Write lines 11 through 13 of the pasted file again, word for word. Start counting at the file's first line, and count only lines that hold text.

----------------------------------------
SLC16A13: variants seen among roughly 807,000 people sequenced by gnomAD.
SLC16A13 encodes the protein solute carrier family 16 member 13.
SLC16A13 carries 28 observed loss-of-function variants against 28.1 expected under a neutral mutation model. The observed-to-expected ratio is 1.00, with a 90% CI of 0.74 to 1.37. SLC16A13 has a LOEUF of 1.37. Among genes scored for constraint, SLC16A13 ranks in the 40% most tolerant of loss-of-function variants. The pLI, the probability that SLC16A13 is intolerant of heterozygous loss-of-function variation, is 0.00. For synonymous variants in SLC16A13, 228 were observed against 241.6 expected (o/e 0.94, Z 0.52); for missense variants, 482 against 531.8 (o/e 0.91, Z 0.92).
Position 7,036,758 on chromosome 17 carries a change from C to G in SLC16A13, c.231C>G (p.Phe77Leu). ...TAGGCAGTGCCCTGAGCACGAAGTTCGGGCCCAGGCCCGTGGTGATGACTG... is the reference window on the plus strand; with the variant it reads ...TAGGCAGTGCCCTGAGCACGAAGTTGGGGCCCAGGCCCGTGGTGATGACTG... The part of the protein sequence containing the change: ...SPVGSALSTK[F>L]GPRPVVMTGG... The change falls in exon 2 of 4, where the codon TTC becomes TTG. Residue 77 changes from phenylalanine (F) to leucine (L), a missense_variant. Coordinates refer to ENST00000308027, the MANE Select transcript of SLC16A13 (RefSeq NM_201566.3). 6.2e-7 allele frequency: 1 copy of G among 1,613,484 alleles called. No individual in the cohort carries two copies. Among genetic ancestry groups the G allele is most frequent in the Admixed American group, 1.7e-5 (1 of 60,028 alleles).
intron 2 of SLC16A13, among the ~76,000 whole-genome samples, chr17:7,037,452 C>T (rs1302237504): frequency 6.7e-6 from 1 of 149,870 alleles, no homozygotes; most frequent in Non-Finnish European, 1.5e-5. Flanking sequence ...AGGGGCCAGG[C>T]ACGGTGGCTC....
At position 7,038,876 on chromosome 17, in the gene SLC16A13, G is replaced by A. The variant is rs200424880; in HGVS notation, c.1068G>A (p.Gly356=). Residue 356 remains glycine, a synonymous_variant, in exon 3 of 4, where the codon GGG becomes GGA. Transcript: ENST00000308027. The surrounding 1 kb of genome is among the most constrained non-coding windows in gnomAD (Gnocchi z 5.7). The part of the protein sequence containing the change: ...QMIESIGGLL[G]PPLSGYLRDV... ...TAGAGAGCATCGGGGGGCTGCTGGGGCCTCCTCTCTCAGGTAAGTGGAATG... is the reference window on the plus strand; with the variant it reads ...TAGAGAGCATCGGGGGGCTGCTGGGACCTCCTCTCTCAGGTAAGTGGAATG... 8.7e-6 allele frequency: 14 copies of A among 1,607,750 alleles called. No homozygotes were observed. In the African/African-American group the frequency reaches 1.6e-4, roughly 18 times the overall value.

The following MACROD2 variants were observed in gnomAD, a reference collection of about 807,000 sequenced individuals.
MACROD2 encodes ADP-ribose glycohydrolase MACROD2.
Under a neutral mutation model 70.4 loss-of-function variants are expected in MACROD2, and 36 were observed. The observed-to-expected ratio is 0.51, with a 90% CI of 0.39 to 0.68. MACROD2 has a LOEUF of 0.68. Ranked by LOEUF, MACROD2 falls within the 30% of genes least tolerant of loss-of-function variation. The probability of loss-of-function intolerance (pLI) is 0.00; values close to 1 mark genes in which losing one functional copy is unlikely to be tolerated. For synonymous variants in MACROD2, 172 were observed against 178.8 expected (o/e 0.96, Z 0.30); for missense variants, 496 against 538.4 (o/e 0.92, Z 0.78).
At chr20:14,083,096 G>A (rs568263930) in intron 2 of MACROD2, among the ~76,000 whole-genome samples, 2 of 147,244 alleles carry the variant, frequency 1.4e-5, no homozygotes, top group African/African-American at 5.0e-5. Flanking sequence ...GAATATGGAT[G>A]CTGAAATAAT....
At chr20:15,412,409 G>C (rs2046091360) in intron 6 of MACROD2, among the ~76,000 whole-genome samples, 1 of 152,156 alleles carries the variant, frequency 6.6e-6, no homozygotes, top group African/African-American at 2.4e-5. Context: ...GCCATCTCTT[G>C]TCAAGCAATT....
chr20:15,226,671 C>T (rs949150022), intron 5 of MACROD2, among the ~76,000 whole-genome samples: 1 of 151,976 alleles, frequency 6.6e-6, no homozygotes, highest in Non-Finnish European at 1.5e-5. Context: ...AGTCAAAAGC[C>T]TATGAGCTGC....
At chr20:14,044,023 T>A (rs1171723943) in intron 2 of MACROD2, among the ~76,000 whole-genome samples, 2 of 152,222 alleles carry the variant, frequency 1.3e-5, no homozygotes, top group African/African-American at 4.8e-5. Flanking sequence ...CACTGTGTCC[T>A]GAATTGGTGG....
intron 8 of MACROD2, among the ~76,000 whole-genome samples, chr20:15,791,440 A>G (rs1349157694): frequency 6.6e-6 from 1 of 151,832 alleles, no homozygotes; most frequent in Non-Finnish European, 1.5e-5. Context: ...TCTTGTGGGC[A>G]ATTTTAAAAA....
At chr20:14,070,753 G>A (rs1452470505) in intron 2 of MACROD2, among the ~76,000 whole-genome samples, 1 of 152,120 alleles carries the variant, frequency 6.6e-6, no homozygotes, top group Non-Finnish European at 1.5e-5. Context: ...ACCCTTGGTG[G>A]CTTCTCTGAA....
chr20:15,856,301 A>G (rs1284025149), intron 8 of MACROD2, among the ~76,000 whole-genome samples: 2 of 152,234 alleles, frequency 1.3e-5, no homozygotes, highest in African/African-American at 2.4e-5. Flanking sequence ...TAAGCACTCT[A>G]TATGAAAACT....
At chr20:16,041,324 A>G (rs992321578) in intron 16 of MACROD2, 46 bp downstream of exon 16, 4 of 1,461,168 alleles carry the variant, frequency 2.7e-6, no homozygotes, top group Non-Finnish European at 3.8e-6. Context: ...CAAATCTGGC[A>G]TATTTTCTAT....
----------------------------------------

At chr20:15,412,409 G>C (rs2046091360) in intron 6 of MACROD2, among the ~76,000 whole-genome samples, 1 of 152,156 alleles carries the variant, frequency 6.6e-6, no homozygotes, top group African/African-American at 2.4e-5. Context: ...GCCATCTCTT[G>C]TCAAGCAATT....
chr20:15,226,671 C>T (rs949150022), intron 5 of MACROD2, among the ~76,000 whole-genome samples: 1 of 151,976 alleles, frequency 6.6e-6, no homozygotes, highest in Non-Finnish European at 1.5e-5. Context: ...AGTCAAAAGC[C>T]TATGAGCTGC....
At chr20:14,044,023 T>A (rs1171723943) in intron 2 of MACROD2, among the ~76,000 whole-genome samples, 2 of 152,222 alleles carry the variant, frequency 1.3e-5, no homozygotes, top group African/African-American at 4.8e-5. Flanking sequence ...CACTGTGTCC[T>A]GAATTGGTGG....